Reducing burn-in voltage loss in polymer solar cells by increasing the polymer crystallinity

Thomas Heumueller, William R. Mateker, I. T. Sachs-Quintana, Koen Vandewal, Jonathan A. Bartelt, Timothy M. Burke, Tayebeh Ameri, Christoph J. Brabec, Michael D. McGehee

Research output: Contribution to journalArticlepeer-review

168 Scopus citations

Abstract

In order to commercialize polymer solar cells, the fast initial performance losses present in many high efficiency materials will have to be managed. This burn-in degradation is caused by light-induced traps and its characteristics depend on which polymer is used. We show that the light-induced traps are in the bulk of the active layer and we find a direct correlation between their presence and the open-circuit voltage loss in devices made with amorphous polymers. Solar cells made with crystalline polymers do not show characteristic open circuit voltage losses, even though light-induced traps are also present in these devices. This indicates that crystalline materials are more resistant against the influence of traps on device performance. Recent work on crystalline materials has shown there is an energetic driving force for charge carriers to leave amorphous, mixed regions of bulk heterojunctions, and charges are dominantly transported in pure, ordered phases. This energetic landscape allows efficient charge generation as well as extraction and also may benefit the stability against light-induced traps. This journal is © the Partner Organisations 2014.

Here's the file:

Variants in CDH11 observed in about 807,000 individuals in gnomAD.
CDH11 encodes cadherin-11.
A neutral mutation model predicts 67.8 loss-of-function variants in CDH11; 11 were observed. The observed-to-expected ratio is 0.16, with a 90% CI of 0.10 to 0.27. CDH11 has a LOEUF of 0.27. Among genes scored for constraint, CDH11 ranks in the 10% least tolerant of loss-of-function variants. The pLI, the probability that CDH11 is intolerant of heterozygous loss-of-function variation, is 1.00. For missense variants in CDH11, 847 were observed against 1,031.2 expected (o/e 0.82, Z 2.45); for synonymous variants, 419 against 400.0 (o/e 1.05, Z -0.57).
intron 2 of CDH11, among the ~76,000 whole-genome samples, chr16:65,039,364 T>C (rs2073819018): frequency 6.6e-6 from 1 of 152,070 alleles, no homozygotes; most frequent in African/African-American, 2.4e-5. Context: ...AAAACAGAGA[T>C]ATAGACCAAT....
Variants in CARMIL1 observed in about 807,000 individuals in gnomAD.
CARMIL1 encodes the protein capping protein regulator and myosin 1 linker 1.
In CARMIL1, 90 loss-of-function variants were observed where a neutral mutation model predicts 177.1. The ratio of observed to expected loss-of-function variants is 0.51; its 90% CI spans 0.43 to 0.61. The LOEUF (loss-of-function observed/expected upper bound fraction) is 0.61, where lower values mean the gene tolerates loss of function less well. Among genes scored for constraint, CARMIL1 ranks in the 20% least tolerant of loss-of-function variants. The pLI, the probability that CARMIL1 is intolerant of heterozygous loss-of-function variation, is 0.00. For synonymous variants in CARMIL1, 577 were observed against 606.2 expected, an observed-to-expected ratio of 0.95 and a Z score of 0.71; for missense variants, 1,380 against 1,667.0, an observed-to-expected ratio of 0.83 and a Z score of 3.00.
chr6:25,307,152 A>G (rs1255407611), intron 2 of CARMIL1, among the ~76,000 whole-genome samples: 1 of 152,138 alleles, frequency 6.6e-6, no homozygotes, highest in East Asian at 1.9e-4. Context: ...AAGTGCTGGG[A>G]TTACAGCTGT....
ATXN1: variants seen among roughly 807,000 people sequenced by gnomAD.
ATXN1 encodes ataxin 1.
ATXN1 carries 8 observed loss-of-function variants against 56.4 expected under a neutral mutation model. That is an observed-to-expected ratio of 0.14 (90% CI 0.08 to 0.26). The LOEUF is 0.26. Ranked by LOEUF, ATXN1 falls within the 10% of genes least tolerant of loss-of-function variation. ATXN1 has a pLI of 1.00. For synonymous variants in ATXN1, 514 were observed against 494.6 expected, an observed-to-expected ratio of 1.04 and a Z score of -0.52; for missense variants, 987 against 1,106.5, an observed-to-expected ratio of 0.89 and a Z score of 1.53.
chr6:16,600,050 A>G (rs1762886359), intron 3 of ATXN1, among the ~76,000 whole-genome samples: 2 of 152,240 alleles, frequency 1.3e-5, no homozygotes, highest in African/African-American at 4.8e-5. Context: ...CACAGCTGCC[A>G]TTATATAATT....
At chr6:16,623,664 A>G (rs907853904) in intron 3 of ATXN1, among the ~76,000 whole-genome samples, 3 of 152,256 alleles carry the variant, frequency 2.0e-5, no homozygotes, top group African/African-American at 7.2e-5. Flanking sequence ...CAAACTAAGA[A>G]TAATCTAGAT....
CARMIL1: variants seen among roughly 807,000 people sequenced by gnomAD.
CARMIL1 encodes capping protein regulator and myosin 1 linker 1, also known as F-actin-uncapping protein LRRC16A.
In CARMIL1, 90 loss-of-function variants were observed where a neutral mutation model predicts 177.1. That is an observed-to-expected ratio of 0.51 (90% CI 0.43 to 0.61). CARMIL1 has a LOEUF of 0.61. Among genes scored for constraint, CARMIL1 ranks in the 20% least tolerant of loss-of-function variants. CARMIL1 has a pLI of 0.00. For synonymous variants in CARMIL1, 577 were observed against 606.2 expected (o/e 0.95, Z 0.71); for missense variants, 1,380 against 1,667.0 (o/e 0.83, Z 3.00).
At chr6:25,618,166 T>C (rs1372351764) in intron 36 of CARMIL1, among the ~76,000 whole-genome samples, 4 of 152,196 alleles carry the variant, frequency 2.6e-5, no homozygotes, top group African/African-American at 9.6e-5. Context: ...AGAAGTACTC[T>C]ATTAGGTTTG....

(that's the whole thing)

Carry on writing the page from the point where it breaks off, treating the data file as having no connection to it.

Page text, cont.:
Original languageEnglish (US)
Pages (from-to)2974-2980
Number of pages7
JournalEnergy & Environmental Science
Volume7
Issue number9
DOIs
StatePublished - 2014
Externally publishedYes

Bibliographical note

KAUST Repository Item: Exported on 2020-10-01
Acknowledged KAUST grant number(s): KUS-C1-015-21
Acknowledgements: The authors acknowledge Prof. Alberto Salleo and Duc T. Duong for helpful discussions. TH gratefully acknowledges a “DAAD Doktorantenstipedium” and the SFB 953 “Synthetic Carbon Allotropes”. This publication was supported by the Center for Advanced Molecular Photovoltaics (CAMP) (Award no. KUS-C1-015-21), made by King Abdullah University of Science and Technology (KAUST). CJB acknowledges funding from the Cluster of Excellence “Engineering of Advanced Materials”, the Bavarian SolTech initiative and the GRK 1896 “in situ microscopy”. JAB acknowledges government support by the Department of Defense (DoD) through the National Defense Science & Engineering Graduate Fellowship (NDSEG) Program.
This publication acknowledges KAUST support, but has no KAUST affiliated authors.

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